There are so many worthwhile programs and causes out there. Every day, selfless people give of their time and resources to make the world a better place, but for the most part, these organized acts of kindness take place in obscurity.
Unless you have a good PR Man (or PR Woman, of course).
When you are working with a non-profit or charitable organization, getting the media interested in covering their good work often requires some creativity. It's not blood and guts ("Clerk shot dead in convenient store robbery") mayhem, death and destruction ("Three-alarm fire leaves dozens homeless"), or something totally off the wall ("Man bites dog"). It's just good folks doing good work. Not something the media is usually interested in. (As a grizzled old editor of mine once remarked after reading my copy, "There's no sex in this story!")
The best way to sell these otherwise overlooked stories is to find a "news peg," something timely that relates to the tale you are trying to tell - a milestone, a statewide or national observance, a policy change or a trend. Clients always think their stories are interesting, but the challenge as a PR communicator is to find a way to make it interesting to a majority of readers or viewers. (See "The Media Wants Stories, Not Announcements") That's where the news peg can prove invaluable.
Remember, a story is not newsworthy without news.
Monday, December 20, 2010
Wednesday, December 15, 2010
Yesterday was a prime example of how an enterprising PR person can help your organization build brand and market share.
Media across the country and (thanks to the Internet) aroun
d the world were buzzing with a story about how Tuesday was going to be the busiest day ever for FedEx. CNN had a reporter riding along on a FedEx delivery truck; the AP called it the “pre-game show for Santa.” The same news cycle, the national media carried a quirky feature about the Top 10 Quotes of the Year, which are compiled annually by an associate librarian named Fred Shapiro at . Of course, it didn’t hurt that the Quote of the Year was U.S. Senate candidate Yale University Christine O’Donnell’s “I’m not a witch” quip.
Both of these cases are excellent examples of why it is so important to have PR people inside your organization watching and listening for stories. I can imagine the FedEx story starting with a routine traffic report by a vice president at a management meeting at FedEx headquarters. It took a PR person, however, to identify it as a major story, package it and sell it to the media. The annual quotations story from Yale is a no-brainer: It’s quirky, timely and interesting, and you can sell it over and over every December. Keep your eyes and ears open for other PR-generated year-in-review stories in the coming weeks.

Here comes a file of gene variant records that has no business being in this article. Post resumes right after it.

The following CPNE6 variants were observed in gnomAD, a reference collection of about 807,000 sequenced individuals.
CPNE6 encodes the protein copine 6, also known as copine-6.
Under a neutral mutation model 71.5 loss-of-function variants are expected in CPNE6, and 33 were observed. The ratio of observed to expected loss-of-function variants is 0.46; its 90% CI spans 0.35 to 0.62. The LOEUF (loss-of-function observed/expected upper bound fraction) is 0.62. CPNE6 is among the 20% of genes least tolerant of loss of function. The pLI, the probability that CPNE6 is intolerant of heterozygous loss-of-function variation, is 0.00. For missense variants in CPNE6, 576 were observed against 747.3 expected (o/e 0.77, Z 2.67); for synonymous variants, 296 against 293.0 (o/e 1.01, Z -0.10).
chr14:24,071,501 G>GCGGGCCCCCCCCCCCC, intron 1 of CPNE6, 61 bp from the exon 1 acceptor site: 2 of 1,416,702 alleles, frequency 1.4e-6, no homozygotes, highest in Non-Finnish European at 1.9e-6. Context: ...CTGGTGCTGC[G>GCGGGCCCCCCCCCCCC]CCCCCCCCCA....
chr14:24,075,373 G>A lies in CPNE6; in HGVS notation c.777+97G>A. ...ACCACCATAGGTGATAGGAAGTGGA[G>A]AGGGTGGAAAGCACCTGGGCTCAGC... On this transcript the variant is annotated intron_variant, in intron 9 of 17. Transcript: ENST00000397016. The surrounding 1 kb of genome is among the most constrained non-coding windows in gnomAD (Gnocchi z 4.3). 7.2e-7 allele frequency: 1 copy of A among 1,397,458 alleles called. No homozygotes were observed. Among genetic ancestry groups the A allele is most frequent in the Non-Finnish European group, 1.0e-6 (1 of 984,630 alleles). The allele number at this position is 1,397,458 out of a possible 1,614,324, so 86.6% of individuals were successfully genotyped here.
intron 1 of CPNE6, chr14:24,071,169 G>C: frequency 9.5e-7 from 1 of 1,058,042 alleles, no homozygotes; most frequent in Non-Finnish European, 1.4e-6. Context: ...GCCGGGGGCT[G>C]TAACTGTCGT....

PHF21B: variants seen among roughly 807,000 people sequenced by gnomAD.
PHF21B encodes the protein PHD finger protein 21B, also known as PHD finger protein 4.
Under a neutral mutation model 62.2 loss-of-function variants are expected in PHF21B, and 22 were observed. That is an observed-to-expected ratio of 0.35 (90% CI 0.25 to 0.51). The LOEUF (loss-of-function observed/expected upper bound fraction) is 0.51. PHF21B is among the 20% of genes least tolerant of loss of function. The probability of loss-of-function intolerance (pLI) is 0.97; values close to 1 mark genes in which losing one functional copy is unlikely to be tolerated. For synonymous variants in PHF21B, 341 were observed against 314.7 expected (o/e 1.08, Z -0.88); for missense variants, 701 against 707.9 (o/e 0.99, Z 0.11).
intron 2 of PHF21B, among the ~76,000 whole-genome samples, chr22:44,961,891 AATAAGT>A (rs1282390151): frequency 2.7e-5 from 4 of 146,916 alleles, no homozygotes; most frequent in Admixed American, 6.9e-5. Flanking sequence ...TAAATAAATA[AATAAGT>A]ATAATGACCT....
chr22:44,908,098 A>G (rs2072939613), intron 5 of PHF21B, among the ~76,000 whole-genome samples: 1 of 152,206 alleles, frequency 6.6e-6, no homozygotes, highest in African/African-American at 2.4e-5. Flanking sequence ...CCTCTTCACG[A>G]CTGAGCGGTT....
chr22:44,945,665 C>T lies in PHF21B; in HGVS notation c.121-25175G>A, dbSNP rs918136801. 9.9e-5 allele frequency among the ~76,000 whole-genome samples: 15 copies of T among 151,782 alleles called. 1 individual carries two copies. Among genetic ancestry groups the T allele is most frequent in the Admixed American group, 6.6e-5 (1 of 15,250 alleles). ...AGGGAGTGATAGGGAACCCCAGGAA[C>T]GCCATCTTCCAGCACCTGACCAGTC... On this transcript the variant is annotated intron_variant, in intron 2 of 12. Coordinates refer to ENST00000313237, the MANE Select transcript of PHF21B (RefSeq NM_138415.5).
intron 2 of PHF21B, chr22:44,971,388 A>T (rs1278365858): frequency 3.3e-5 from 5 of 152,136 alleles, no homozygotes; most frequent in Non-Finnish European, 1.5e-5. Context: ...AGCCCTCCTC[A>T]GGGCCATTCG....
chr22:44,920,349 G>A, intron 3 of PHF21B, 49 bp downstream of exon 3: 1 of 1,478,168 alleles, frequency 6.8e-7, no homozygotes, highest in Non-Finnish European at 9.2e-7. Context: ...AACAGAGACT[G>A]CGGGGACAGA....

The point is, there are newsworthy stories everywhere inside of every type of organization. You just need a seasoned PR person to identify them and help you sell them. Ordinary consumers don’t realize that much of what you see and hear every day in the media are stories that started with a press release or phone call to a reporter from a PR person. Some of the biggest brands in
– Google and Starbucks, for instance – have been built almost exclusively through the relentless use of PR. It’s much cheaper than advertising and people assign it more credibility because it is filtere America d through the media prism. (If you read it in the newspaper, it must be true, right?)
If you are looking to build brand, defend your brand, reinvent your brand, rehabilitate your public image or establish yourself as an authority in your field, forget advertising. PR is the way to go.
Thursday, December 2, 2010
Veteran CNN political reporter Bill Schneider recently did a Q&A interview with PR News on media relations and offere
d the following advice: The media wants stories, not announcements.
Schneider’s advice is something I’ve been telling my clients for years, having spent nearly 20 years on the other side of the desk from PR people pitching nonsense. Clients inevitably come to me with what they think are great “stories,” but as their PR consultant, I have to inform them that their great story will never get published. Or, I have to figure out a way to shine it up so it will.
In order to get the media interested in covering your story, it has to be “newsworthy,” but news value is a concept that most people who never worked in the media, including many PR professionals, simply don’t understand. The standard for newsworthiness is that a story has to interest a majority of readers, viewers or listeners. The decision-making process on the media end, however, can be fairly subjective. That’s why it’s invaluable to hire a PR professional who has spent time in the news business because they know how to throw a pitch over the strike zone. Whether an editor will swing at it is another matter.
If you are a non-profit organization, community group, church, etc., it’s relatively easy to get publicity about your event because most small and mid-size media outlets publish community news as a matter of policy. But if you are a for-profit business trying to get free publicity about a promotion, the news department will most likely tell you to talk to advertising. There are three possible ways to avoi
d this pitfall: 1) find something undeniably newsworthy about the event; 2) stage a “PR stunt” (something extraordinary that’s impossible for the media to ignore) or 3) if you are already an advertiser, ask your rep at the station to apply some pressure.
The best way, however, is always newsworthiness. A legitimate story is impossible for the media to ignore.